Coming in a close second was In-N-Out’s cheeseburger, a comforting fact for Texans who enjoy complaining about Californians. Rounding out the top five were Checker’s Checkerburger with Cheese, Culver’s ButterBurger Cheese, and Del Taco’s del Cheese Burger.

For those trying to make better eating choices, that list should give some pause. Yes, Whataburger beats out other fast-food faves, but it was competing against a chain that literally toasts all their buns in churned cream. Health is a relative concept.

Elsewhere on the list was another Texas darling, the No. 6 ranked Dairy Queen. Apparently, all that “hungr” is being busted by a hefty dose of sodium. Yes, we will take fries with that.

Upscale new Japanese restaurant serving sushi, robata, and more docks in familiar River Oaks District space

ouzo bay replacement revealed

Baltimore-based Atlas Restaurant Group has revealed its plans for the former Ouzo Bay space in River Oaks District. The company will bring Azumi, an upscale Japanese restaurant, to the development this winter.

Named for a Japanese word that means “safe harbor,” Azumi will serve a mixture of modern and traditional Japanese dishes. Similar to its sister location at the Four Seasons Hotel in Baltimore, the menu will include sushi, tempura, robata, and more.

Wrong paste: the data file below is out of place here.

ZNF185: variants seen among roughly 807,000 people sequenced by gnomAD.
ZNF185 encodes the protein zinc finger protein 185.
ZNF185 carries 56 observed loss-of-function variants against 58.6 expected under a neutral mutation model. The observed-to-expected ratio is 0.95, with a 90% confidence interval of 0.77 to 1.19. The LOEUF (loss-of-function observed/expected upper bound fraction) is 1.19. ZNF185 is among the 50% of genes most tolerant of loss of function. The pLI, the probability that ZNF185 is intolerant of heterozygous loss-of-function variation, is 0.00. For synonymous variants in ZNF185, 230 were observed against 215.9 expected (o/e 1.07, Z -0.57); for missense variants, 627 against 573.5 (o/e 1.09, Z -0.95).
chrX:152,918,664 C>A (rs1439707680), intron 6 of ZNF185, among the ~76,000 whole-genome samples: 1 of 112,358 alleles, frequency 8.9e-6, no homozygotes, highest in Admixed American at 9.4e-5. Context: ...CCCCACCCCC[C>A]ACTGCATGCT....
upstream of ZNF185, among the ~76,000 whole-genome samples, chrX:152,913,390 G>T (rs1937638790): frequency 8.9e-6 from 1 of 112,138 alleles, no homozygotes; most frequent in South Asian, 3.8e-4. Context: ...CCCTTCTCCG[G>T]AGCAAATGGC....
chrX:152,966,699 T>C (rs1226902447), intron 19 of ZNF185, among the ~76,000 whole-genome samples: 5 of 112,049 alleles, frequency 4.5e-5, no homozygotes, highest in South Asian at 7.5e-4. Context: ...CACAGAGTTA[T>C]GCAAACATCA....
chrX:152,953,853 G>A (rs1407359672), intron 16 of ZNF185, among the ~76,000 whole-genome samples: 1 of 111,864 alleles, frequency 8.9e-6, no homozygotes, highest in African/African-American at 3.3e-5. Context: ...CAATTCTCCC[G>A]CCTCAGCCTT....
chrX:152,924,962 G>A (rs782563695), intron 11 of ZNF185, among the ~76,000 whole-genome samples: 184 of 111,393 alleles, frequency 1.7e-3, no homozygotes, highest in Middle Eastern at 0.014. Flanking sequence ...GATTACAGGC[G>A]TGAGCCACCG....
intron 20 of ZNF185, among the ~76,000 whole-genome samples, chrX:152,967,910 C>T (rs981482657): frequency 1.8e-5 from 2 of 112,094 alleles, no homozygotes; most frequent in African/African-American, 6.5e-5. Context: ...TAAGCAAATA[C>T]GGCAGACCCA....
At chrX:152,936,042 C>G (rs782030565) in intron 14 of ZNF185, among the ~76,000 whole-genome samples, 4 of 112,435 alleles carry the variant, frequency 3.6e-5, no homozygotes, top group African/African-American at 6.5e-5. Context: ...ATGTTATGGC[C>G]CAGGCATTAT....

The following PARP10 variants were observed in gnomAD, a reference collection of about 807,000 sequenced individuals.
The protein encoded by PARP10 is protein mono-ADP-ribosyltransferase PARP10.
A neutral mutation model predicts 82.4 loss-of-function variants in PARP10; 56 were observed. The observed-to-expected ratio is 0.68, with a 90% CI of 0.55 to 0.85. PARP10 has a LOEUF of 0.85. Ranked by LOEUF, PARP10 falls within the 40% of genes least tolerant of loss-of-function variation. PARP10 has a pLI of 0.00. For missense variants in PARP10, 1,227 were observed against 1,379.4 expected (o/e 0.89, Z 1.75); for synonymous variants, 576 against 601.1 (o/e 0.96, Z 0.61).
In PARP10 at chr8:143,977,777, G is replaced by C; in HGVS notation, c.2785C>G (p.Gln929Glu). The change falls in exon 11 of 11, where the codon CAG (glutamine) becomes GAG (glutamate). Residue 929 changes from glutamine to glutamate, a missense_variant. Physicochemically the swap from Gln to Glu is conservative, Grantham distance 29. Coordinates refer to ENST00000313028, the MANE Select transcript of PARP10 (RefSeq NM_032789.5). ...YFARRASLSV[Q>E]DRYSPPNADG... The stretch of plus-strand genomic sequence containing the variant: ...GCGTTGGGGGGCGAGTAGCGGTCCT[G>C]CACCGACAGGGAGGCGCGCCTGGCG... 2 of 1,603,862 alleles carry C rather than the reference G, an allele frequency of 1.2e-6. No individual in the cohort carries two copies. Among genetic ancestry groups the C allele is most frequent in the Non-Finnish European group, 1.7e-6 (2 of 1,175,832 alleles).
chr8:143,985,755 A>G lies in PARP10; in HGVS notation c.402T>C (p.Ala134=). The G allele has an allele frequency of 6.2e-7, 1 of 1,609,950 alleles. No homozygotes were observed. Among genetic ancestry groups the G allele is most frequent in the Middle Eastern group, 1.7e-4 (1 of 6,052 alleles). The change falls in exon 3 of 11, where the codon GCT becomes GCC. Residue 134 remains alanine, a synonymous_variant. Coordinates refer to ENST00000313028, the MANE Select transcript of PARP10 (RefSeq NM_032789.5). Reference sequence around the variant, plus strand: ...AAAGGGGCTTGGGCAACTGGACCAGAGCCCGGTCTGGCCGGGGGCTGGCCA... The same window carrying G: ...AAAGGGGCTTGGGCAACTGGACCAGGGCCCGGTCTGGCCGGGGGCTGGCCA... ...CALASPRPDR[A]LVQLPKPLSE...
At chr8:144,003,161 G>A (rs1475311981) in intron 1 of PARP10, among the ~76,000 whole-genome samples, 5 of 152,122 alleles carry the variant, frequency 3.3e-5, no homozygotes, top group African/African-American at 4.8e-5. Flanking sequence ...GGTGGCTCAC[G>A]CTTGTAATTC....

Atlas Restaurant Group’s executive concept chef Alisher Yallaev plans to move to Houston to open Azumi, according to a press release. He’ll oversee menu development that will utilize premium ingredients such as wagyu beef, freshwater soft sell crab, and fish that’s flown in from Japan. An extensive beverage program will include cocktails, sake, and Japanese whisky.

Designer Patrick Sutton will lead the transformation of Ouzo Bay’s dining room into Azumi. Look for a 130-seat main dining room, a private room for omakase tastings, and a 78-seat dining room.

“We’re excited to bring the culinary artistry of Azumi to Houston’s vibrant dining epicenter, River Oaks District, and look forward to creating lasting memories for guests,” said Alex Smith, President and CEO of Atlas Restaurant Group. “At Azumi, our focus will be the presentation of a sophisticated and immersive Japanese dining experience that finds harmony and balance in both the traditional and innovative.”